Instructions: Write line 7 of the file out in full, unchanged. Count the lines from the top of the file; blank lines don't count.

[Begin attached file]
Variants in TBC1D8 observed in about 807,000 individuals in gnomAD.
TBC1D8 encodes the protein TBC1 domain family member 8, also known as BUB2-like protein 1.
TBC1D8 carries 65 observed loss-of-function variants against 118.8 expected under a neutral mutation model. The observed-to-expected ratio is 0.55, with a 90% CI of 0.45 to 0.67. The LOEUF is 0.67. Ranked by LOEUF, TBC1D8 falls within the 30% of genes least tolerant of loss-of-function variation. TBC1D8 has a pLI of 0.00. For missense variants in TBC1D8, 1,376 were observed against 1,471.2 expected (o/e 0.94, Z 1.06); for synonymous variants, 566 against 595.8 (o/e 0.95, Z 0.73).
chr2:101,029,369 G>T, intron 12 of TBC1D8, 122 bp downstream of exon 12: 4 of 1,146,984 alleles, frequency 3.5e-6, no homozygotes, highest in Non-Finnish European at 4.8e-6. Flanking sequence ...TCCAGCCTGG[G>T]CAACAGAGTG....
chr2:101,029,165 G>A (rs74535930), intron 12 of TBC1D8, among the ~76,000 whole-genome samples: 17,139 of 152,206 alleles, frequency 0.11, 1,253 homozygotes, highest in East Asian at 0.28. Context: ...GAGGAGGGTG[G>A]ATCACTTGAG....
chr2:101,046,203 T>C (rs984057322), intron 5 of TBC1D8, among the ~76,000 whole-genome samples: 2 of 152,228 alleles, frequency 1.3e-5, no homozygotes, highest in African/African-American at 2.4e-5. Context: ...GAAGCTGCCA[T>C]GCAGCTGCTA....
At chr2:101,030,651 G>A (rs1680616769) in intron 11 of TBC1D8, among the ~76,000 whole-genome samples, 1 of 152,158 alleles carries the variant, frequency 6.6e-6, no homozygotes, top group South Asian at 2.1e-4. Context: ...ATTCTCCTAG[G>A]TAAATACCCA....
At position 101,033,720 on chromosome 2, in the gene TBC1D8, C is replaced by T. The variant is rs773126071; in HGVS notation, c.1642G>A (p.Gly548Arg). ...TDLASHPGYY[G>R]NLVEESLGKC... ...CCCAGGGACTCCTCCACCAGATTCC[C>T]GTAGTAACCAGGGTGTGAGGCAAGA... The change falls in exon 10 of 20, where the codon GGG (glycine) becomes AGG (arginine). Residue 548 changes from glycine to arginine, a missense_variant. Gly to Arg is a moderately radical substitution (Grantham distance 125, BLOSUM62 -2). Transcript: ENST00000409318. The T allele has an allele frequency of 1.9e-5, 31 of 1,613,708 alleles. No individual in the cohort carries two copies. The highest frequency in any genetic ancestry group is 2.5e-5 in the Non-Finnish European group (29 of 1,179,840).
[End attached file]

At chr2:101,030,651 G>A (rs1680616769) in intron 11 of TBC1D8, among the ~76,000 whole-genome samples, 1 of 152,158 alleles carries the variant, frequency 6.6e-6, no homozygotes, top group South Asian at 2.1e-4. Context: ...ATTCTCCTAG[G>A]TAAATACCCA....